Bacterial pathogens transmitted by the fecal-oral route endure several stresses during survival/growth in host and non-host environments. For foodborne pathogens, understanding the range of phenotypic responses to stressors and the environmental factors that impact survival can provide insights for the development of control measures. For example, the gastrointestinal system presents acidic, osmotic, and cell-envelope stresses and low oxygen levels, but Listeria monocytogenes can withstand these stresses, causing illnesses in humans. Survival/growth characteristics may differ among L. monocytogenes strains under these stressors due to their genetic diversities. Our knowledge of such phenotypic characteristics under bile and salt stresses are inadequate. In this dissertation, variation in growth characteristics was observed among L. monocytogenes strains under bile and osmotic stresses with no evidence of cross-protection, but rather an antagonistic effect was observed with the formation of filaments when pre-exposed to 1% bile and treated with 6% NaCl. This shows that variation in stress adaptability exists among L. monocytogenes strains with the ability to form filaments under these conditions. Similarly, Salmonella survival in soil is dependent on several factors, such as soil, amendment types, moisture, irrigation, and desiccation stress. In this study, the use of HTPP (heat-treated poultry pellets) was investigated as a soil amendment in the survival/growth of Salmonella in soil extracts mimicking runoff events, and in soil cultivated with spinach plants to assess its safety for use for an organic fertilizer. The presence of HTPP in soil increased S. Newport survival with a greater likelihood of its transfer to and survival on spinach plants. Increased microbial loads and rpoS mutant showed decreased growth/survival in soil extracts, however, rpoS was not important for survival in soil under the tested conditions showing possible lack of desiccation stress. These results show that HTPP provided nutrients to the Salmonella for increased growth and survival in soil extracts and soil, respectively, which show that the use of treated BSAAO to soils may still require appropriate mitigation to minimize Salmonella Newport contamination of leafy greens in the pre-harvest environment. Overall, the results in this study increased our understanding of L. monocytogenes and Salmonella phenotypic adaptation to stressful environments.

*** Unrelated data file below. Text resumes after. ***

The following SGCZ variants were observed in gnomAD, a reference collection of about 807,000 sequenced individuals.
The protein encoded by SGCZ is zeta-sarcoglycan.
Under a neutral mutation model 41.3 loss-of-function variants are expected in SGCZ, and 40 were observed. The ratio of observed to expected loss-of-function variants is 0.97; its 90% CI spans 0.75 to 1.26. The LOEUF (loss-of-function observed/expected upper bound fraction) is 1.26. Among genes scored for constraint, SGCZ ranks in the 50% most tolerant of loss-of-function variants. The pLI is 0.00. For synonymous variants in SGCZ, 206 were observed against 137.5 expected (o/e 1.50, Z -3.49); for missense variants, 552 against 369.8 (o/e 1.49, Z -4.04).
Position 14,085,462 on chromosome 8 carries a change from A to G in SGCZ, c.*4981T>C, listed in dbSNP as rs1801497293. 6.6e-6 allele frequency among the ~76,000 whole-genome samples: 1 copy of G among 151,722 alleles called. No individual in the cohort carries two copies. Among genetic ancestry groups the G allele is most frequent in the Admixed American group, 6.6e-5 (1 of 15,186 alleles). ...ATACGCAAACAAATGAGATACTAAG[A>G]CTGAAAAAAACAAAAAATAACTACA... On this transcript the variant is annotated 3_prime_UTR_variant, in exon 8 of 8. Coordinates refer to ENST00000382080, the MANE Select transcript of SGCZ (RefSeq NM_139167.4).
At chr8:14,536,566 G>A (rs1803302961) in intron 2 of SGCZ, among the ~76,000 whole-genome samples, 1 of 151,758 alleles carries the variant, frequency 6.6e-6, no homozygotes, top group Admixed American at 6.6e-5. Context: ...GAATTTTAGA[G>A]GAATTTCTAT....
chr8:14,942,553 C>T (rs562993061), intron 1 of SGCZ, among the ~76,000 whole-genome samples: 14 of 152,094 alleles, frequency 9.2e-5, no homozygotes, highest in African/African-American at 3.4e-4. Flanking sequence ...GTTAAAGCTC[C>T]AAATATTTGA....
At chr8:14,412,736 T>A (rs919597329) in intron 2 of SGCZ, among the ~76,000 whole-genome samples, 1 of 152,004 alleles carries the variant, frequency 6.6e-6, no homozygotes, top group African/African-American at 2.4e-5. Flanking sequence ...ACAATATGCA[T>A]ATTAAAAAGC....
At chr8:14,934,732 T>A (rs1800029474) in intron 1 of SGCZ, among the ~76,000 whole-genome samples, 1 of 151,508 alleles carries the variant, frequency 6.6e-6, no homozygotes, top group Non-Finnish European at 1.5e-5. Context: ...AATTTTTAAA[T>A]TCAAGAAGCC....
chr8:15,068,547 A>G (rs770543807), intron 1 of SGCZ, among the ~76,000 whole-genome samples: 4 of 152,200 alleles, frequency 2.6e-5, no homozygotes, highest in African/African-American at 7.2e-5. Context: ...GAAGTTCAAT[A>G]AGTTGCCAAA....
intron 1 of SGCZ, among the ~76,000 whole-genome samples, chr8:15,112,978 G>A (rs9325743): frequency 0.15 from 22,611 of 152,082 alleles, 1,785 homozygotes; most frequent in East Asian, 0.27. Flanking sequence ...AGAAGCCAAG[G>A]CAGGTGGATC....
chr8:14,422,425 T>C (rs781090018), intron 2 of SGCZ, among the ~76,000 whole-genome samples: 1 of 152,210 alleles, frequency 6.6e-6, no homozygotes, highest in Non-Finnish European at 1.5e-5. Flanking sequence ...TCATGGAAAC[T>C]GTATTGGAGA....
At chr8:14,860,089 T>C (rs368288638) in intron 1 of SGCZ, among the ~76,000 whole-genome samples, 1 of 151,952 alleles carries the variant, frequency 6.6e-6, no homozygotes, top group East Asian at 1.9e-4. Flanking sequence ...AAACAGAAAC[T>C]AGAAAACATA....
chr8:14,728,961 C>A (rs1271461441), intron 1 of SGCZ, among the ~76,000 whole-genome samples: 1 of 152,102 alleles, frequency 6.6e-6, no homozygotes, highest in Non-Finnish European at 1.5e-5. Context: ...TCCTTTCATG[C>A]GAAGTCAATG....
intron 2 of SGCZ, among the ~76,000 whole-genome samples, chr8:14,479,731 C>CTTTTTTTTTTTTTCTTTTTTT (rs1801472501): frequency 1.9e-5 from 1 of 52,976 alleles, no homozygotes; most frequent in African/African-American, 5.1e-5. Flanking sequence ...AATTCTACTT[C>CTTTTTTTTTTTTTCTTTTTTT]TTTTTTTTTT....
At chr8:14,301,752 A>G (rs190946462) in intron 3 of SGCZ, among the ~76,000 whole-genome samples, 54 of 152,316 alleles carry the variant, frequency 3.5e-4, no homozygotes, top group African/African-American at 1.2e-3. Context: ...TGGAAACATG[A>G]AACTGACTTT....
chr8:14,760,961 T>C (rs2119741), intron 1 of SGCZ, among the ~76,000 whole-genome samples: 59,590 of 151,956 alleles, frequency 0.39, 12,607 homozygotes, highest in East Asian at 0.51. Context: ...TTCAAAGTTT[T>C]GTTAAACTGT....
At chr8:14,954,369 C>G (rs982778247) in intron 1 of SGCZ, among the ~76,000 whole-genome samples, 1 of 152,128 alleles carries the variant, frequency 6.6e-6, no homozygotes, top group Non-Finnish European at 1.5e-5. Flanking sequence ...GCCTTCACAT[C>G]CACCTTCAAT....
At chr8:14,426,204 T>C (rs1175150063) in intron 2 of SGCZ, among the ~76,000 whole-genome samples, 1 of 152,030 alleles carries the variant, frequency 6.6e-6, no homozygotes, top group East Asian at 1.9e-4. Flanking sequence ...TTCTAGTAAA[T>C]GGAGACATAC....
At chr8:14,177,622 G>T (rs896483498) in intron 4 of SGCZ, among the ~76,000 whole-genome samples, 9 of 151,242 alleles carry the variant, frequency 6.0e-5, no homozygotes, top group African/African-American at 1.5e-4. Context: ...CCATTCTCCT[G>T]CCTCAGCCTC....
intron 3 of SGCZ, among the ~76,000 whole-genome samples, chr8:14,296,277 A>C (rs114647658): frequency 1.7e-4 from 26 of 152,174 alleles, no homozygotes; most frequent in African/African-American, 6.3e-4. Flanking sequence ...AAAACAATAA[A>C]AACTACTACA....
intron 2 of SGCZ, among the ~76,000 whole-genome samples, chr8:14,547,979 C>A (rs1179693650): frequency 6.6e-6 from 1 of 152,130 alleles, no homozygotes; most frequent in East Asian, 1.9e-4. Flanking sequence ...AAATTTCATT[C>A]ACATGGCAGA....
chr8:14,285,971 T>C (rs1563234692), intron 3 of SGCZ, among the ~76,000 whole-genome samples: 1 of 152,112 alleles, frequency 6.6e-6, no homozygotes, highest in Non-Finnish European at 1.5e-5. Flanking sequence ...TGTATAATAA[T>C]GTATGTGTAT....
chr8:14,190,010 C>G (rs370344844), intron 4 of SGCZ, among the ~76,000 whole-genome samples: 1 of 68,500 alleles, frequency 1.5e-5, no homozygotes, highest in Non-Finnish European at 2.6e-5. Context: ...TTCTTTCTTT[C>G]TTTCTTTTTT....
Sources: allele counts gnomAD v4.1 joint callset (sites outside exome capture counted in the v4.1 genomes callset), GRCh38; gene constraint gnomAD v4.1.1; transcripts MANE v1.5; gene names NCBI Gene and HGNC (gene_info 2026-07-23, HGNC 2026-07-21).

|Advisor:||Bergholz, Teresa M.|
|Commitee:||Sharma, Manan, Prüß, Birgit, McEvoy, John, Wilkinson, John|
|School:||North Dakota State University|
|Department:||Veterinary and Microbiological Sciences|
|School Location:||United States -- North Dakota|
|Source:||DAI-B 81/2(E), Dissertation Abstracts International|
|Subjects:||Microbiology, Food Science, Soil sciences|
|Keywords:||Filament formation, Food safety, rpoS, Salt and Bile stresses, Soil amendments, Viable but non culturable|
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